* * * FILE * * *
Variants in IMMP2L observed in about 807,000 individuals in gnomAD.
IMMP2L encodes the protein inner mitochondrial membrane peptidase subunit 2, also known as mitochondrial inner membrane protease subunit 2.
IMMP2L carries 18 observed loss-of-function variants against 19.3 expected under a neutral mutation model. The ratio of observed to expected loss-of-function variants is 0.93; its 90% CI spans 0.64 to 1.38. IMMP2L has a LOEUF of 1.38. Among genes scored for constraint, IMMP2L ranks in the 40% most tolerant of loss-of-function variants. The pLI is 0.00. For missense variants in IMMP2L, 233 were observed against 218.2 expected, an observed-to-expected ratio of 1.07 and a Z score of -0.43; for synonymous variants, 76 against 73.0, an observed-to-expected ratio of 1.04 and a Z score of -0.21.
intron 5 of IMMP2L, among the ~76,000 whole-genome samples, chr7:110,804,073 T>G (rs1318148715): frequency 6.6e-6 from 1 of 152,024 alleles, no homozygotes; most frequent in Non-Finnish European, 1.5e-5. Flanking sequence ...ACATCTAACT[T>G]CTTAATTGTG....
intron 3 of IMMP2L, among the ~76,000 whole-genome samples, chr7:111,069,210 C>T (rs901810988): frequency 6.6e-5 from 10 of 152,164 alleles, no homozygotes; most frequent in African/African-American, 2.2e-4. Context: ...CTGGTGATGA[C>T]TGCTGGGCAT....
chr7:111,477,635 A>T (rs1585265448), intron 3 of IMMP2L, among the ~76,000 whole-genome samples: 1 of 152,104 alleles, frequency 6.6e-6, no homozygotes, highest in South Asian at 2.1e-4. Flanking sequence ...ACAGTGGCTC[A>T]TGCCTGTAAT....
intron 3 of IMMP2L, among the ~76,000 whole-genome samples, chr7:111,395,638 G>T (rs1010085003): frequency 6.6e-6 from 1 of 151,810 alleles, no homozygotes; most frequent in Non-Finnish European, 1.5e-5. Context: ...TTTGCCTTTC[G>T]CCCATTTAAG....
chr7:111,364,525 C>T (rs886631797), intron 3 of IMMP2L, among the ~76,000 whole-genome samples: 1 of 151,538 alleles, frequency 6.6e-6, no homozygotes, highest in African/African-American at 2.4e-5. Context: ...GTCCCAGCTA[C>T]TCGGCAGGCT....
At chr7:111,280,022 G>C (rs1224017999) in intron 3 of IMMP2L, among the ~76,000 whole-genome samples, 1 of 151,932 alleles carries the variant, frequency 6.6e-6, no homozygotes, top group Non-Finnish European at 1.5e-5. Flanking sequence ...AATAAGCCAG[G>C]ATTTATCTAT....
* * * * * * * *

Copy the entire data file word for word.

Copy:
Variants in IMMP2L observed in about 807,000 individuals in gnomAD.
IMMP2L encodes the protein inner mitochondrial membrane peptidase subunit 2, also known as mitochondrial inner membrane protease subunit 2.
IMMP2L carries 18 observed loss-of-function variants against 19.3 expected under a neutral mutation model. The ratio of observed to expected loss-of-function variants is 0.93; its 90% CI spans 0.64 to 1.38. IMMP2L has a LOEUF of 1.38. Among genes scored for constraint, IMMP2L ranks in the 40% most tolerant of loss-of-function variants. The pLI is 0.00. For missense variants in IMMP2L, 233 were observed against 218.2 expected, an observed-to-expected ratio of 1.07 and a Z score of -0.43; for synonymous variants, 76 against 73.0, an observed-to-expected ratio of 1.04 and a Z score of -0.21.
intron 5 of IMMP2L, among the ~76,000 whole-genome samples, chr7:110,804,073 T>G (rs1318148715): frequency 6.6e-6 from 1 of 152,024 alleles, no homozygotes; most frequent in Non-Finnish European, 1.5e-5. Flanking sequence ...ACATCTAACT[T>G]CTTAATTGTG....
intron 3 of IMMP2L, among the ~76,000 whole-genome samples, chr7:111,069,210 C>T (rs901810988): frequency 6.6e-5 from 10 of 152,164 alleles, no homozygotes; most frequent in African/African-American, 2.2e-4. Context: ...CTGGTGATGA[C>T]TGCTGGGCAT....
chr7:111,477,635 A>T (rs1585265448), intron 3 of IMMP2L, among the ~76,000 whole-genome samples: 1 of 152,104 alleles, frequency 6.6e-6, no homozygotes, highest in South Asian at 2.1e-4. Flanking sequence ...ACAGTGGCTC[A>T]TGCCTGTAAT....
intron 3 of IMMP2L, among the ~76,000 whole-genome samples, chr7:111,395,638 G>T (rs1010085003): frequency 6.6e-6 from 1 of 151,810 alleles, no homozygotes; most frequent in Non-Finnish European, 1.5e-5. Context: ...TTTGCCTTTC[G>T]CCCATTTAAG....
chr7:111,364,525 C>T (rs886631797), intron 3 of IMMP2L, among the ~76,000 whole-genome samples: 1 of 151,538 alleles, frequency 6.6e-6, no homozygotes, highest in African/African-American at 2.4e-5. Context: ...GTCCCAGCTA[C>T]TCGGCAGGCT....
At chr7:111,280,022 G>C (rs1224017999) in intron 3 of IMMP2L, among the ~76,000 whole-genome samples, 1 of 151,932 alleles carries the variant, frequency 6.6e-6, no homozygotes, top group Non-Finnish European at 1.5e-5. Flanking sequence ...AATAAGCCAG[G>C]ATTTATCTAT....